Victoria Smurfit says her children don’t want to become actors

Victoria Smurfit’s children want to take their own career paths (Picture: Getty/

Actress Victoria Smurfit, 48, on her children not wanting to be in showbusiness, her daughter’s eyesight loss, why London beats Los Angeles, and coaching Leonardo DiCaprio on his Irish accent.

Why are you supporting the Institute of Cancer Research’s fundraising appeal?

We’re very lucky that my direct family hasn’t been touched by cancer at this stage but my best friend’s family has and I see the astonishing sudden pain, hopelessness and fear when you hear the big C-word. I also work with sight-loss charities because my daughter is losing her eyesight through a genetic condition and it’s a no-brainer for me to support any medical charitable institution that needs funds to continue their research to find cures.

That’s your daughter Evie, 18. She has macular retinal dystrophy…

She does. It was something we found out when she hit puberty and I had no idea that I and my ex-husband carry the gene and she got it from both of us. Thankfully, my other two children don’t have it but Evie’s incredibly resilient. If you want to irritate her, call her ‘brave’, because she’s just getting on with life. She’s an extremely talented artist and funny as hell. Everybody knows about cancer and there are other diseases such as macular dystrophy that people haven’t heard of. You have to talk about these things.

You took your daughter on The Late Late Show to talk about it…

Oh, wasn’t she brilliant? Part of the challenge as a parent was to say, ‘How do I make sure my daughter doesn’t think of herself as a victim being given such a gigantic curveball?’ You’re up at 3am every day thinking there must be a cure. And when there isn’t, the best thing I can do is empower her. So I asked what she wanted the most and she said, ‘I don’t want any other kid to find this out and have nowhere they can go.’

So she’s an ambassador for the Royal National Institute of Blind People and for Fighting Blindness and she talks at events. She’s in charge of it, rather than it being in charge of her. I’m eternally proud of that kid.

Victoria says it’s a ‘no-brainer’ for her to support sight-loss charities (Picture: Gregg DeGuire/Getty)

Do any of your kids want to follow in your footsteps?

None of them want to be actors. I think they’ve seen my life and thought there’s way too much rejection in that business! Ridley, my second daughter, is also very artistic and I can see her being a film director. My son is more traditional.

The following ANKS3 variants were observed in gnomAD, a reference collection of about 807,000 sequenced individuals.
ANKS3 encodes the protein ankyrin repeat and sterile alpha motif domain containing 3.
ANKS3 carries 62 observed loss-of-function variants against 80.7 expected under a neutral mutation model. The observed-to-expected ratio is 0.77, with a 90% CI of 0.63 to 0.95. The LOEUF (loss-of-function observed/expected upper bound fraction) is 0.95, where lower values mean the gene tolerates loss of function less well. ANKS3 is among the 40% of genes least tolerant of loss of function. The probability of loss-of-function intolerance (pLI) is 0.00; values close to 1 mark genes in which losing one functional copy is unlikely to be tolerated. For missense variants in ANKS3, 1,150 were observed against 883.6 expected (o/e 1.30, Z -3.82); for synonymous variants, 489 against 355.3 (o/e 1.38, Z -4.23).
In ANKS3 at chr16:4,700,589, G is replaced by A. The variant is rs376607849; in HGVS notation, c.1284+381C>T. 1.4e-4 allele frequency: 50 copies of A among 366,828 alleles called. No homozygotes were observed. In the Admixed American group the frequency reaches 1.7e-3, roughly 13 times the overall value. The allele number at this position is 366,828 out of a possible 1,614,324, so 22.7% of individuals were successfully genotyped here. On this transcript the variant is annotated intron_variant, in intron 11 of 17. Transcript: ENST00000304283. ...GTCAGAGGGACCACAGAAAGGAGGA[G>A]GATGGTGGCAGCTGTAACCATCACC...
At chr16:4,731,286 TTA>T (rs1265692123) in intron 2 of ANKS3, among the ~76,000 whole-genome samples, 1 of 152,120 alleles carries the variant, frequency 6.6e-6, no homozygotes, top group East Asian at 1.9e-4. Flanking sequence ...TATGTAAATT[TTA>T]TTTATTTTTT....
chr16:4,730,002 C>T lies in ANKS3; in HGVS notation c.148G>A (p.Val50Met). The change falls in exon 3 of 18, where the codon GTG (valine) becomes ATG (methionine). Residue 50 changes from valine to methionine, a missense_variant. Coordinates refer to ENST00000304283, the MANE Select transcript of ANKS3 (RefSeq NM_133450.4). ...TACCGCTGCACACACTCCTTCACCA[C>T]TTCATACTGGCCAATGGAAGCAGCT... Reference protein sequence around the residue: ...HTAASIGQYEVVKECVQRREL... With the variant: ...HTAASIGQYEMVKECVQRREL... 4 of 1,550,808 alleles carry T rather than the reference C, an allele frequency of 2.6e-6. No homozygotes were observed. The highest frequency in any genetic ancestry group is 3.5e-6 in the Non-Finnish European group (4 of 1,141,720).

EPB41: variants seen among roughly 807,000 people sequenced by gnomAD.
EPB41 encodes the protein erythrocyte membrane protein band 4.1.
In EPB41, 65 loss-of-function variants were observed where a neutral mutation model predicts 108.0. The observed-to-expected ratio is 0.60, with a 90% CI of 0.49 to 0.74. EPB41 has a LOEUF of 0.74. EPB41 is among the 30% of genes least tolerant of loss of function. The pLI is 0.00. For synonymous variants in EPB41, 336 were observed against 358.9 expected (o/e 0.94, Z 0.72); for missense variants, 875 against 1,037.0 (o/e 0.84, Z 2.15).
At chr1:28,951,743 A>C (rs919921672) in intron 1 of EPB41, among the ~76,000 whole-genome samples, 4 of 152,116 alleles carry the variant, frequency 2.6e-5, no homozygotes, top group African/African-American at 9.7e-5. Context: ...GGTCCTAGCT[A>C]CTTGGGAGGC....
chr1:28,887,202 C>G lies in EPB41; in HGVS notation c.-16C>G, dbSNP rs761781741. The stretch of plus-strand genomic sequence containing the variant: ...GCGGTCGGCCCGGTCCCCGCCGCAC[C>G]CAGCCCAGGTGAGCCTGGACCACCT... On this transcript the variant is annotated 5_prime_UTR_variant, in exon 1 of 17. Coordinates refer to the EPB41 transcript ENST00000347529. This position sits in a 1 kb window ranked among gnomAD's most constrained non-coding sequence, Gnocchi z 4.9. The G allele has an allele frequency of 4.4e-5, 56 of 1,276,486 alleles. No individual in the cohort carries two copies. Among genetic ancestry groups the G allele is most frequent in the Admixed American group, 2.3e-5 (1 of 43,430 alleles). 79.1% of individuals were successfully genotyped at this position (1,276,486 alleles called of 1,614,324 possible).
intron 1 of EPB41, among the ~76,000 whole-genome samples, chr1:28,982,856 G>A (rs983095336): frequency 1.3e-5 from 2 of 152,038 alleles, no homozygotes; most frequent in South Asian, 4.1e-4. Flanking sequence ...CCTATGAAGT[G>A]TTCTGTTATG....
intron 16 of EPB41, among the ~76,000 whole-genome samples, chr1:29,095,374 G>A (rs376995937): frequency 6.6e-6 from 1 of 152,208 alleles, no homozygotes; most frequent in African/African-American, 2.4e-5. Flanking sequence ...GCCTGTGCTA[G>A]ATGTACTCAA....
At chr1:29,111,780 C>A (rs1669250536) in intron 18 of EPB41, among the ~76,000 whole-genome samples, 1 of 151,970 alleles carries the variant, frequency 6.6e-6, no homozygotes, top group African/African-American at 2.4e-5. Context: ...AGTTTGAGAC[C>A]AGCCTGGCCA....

Which of your roles have they been most excited about?

Playing Cruella De Vil in Once Upon A Time was something Ridley really enjoyed because her friends were watching the show. When I’d pick her up at school – we were living in LA at the time – her friends would go mad. I think Ridley kind of liked that for a couple of days and then she was just embarrassed. She was like, ‘I’ll meet you at the end of the road!’ But my children don’t watch anything I do. Quite rightly, I’m just the woman that pays their bills and cooks their dinner.

Victoria as Cruella De Vil (Picture: Eike Schroter/Walt Disney Television)

Did you enjoy life in LA?

It had its ups and downs, as life does, but it was a fantastic place to raise kids. We were there for nine years and they grew up going to the beach. And the American big-sky thinking meant they always leant into the ‘yes we can do it’, rather than ‘no you can’t’. It was really good for them.

Now you’re back in the UK…

Yes. And now the kids are teenagers they love being in London. You couldn’t drag them back to LA. I think with the Irish DNA in them all, they prefer the weather here too! We came back for a multitude of reasons. One was so Evie could have an independent life, because you can’t do anything in LA without being able to drive and you can’t if you have macular dystrophy, so you’re reliant on everyone else. She’s able to navigate public transport in London.

Driving is near enough a necessity while in Los Angeles (Picture: Getty)

How much did Ballykissangel change your life?

Oh, quite considerably. By then I’d done The Run Of The Country, which was pretty incredible being taught by Albert Finney how to hit your marks and not take it too seriously. Ballykissangel changed things because everyone on the streets knew me as Orla, which was exciting. I regularly bump into people from Bally K.

And you’ve worked with James Nesbitt a few times…

Yes, and he’s an absolute joy, I love him to death. It was lovely because Mum passed from a stroke last year and three days later I went to Belfast to film Bloodlands. I was so lucky that I was going to such a friendly set with people I knew when I was trying to batten down the hatches and not fall apart. On Cold Feet I played Jimmy’s first love, Jane, in both series. Shortly after I went off to LA but we always kept in touch.

James Nesbitt is ‘an absolute joy’ (Picture: Ken McKay/ITV/REX/Shutterstock)

What was it like working with Leonardo DiCaprio on the film The Beach?

Oh, he is so fun. He’d talk to me about how to do an Irish accent as he was about to be in Gangs Of New York. So here am I coaching DiCaprio while in a bikini on a beach in Thailand but when they call action it’s like he’s got some magical light inside him.

Smurfit is supporting the Institute of Cancer Research’s fundraising appeal. Find out more at

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